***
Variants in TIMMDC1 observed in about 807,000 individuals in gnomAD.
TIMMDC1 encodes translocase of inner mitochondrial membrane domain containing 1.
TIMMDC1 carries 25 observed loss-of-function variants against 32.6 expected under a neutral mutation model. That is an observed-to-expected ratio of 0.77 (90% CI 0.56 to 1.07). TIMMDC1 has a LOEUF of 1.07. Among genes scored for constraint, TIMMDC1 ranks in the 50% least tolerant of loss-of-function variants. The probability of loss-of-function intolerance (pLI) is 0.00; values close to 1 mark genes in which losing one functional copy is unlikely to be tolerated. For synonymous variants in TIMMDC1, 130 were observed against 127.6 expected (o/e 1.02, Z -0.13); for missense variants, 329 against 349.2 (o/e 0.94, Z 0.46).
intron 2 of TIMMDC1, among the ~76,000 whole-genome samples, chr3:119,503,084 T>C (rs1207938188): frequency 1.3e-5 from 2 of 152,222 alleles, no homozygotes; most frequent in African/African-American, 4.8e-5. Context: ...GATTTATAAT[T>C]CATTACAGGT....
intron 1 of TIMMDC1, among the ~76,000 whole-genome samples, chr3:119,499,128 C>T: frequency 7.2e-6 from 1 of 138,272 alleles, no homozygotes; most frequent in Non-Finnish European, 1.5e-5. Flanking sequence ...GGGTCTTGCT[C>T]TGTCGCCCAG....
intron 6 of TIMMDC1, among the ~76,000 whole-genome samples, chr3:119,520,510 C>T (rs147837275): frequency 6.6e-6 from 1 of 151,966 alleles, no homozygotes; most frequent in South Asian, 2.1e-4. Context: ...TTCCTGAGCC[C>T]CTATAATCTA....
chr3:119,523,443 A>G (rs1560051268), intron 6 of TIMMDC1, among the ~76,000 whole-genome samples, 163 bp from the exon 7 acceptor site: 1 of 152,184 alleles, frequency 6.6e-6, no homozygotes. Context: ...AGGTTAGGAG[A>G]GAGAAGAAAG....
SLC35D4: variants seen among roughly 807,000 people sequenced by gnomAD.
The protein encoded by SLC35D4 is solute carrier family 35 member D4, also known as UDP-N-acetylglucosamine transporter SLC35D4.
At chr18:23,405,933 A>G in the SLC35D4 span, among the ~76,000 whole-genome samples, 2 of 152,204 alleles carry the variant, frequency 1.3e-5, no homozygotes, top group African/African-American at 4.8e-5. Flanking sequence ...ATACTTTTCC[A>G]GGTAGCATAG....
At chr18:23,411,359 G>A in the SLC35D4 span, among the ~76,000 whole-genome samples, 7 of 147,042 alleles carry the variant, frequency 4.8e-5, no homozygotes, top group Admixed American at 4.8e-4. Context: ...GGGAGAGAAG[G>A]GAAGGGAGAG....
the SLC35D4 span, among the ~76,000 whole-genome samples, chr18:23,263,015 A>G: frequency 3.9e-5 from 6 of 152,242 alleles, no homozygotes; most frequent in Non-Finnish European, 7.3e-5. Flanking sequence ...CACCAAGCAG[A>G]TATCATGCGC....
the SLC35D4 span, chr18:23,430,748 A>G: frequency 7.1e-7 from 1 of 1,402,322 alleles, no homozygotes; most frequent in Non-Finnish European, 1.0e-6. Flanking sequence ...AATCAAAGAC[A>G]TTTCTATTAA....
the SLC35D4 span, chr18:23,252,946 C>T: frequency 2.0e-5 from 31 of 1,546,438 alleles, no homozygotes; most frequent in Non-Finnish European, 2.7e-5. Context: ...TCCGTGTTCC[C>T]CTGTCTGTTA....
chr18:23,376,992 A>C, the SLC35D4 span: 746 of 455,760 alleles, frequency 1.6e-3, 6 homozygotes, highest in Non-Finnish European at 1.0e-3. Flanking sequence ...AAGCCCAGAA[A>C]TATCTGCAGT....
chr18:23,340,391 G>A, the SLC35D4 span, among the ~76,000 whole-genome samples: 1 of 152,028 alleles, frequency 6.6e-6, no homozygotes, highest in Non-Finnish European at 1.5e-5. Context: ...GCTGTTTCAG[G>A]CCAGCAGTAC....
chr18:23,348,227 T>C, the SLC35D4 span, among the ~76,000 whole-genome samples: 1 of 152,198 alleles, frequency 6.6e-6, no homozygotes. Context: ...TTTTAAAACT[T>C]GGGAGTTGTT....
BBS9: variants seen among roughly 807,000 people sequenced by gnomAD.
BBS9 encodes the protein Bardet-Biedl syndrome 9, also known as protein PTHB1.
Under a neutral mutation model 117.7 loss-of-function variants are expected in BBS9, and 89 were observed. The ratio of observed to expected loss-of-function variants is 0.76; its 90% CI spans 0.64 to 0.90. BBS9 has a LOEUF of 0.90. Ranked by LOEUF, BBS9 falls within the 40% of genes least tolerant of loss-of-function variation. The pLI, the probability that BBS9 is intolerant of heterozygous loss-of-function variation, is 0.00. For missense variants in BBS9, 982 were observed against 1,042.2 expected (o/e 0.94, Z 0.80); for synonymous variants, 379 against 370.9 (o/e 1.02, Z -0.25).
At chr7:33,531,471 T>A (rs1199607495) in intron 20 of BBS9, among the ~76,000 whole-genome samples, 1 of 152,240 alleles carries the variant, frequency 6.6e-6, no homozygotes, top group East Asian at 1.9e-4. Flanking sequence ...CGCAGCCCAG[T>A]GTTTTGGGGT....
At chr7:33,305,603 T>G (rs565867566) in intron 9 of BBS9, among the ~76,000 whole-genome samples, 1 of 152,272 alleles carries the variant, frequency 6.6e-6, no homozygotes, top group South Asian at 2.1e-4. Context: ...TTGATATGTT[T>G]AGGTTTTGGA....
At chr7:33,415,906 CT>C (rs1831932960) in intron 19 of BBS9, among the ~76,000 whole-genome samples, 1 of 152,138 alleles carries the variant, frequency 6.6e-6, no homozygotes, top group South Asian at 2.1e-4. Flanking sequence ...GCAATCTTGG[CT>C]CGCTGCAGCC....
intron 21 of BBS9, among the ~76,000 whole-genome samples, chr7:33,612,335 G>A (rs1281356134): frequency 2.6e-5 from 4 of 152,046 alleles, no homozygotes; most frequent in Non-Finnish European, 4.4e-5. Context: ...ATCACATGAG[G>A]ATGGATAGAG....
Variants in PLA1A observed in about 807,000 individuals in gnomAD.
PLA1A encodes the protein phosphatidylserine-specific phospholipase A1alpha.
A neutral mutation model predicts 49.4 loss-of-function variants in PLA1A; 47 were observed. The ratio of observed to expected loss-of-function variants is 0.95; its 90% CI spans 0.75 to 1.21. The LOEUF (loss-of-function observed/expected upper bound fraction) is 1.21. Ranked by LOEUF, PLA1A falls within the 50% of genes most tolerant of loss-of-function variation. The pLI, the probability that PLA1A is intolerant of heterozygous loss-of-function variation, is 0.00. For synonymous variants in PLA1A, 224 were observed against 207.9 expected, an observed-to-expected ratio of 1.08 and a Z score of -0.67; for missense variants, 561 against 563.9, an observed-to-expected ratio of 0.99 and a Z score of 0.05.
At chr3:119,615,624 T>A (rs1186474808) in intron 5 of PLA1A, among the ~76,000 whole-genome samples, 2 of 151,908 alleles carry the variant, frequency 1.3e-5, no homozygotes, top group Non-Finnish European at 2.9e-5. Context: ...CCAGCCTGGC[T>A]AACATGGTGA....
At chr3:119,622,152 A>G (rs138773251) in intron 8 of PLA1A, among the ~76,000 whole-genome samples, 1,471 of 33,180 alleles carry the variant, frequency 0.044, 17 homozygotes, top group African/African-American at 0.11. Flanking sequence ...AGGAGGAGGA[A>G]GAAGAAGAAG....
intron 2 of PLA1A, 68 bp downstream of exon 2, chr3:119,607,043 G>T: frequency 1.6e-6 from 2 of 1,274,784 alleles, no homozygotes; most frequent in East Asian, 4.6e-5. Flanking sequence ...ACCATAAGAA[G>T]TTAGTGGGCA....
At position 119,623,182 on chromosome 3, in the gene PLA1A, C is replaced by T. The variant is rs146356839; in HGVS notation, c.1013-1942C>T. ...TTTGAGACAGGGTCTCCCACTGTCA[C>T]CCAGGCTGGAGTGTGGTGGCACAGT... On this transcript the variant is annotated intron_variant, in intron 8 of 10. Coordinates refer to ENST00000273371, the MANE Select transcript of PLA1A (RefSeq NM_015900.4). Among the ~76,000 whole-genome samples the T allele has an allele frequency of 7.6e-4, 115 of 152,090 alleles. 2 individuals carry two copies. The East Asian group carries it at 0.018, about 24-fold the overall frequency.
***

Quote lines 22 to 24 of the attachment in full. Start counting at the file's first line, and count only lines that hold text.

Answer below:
At chr7:33,305,603 T>G (rs565867566) in intron 9 of BBS9, among the ~76,000 whole-genome samples, 1 of 152,272 alleles carries the variant, frequency 6.6e-6, no homozygotes, top group South Asian at 2.1e-4. Context: ...TTGATATGTT[T>G]AGGTTTTGGA....
At chr7:33,415,906 CT>C (rs1831932960) in intron 19 of BBS9, among the ~76,000 whole-genome samples, 1 of 152,138 alleles carries the variant, frequency 6.6e-6, no homozygotes, top group South Asian at 2.1e-4. Flanking sequence ...GCAATCTTGG[CT>C]CGCTGCAGCC....
intron 21 of BBS9, among the ~76,000 whole-genome samples, chr7:33,612,335 G>A (rs1281356134): frequency 2.6e-5 from 4 of 152,046 alleles, no homozygotes; most frequent in Non-Finnish European, 4.4e-5. Context: ...ATCACATGAG[G>A]ATGGATAGAG....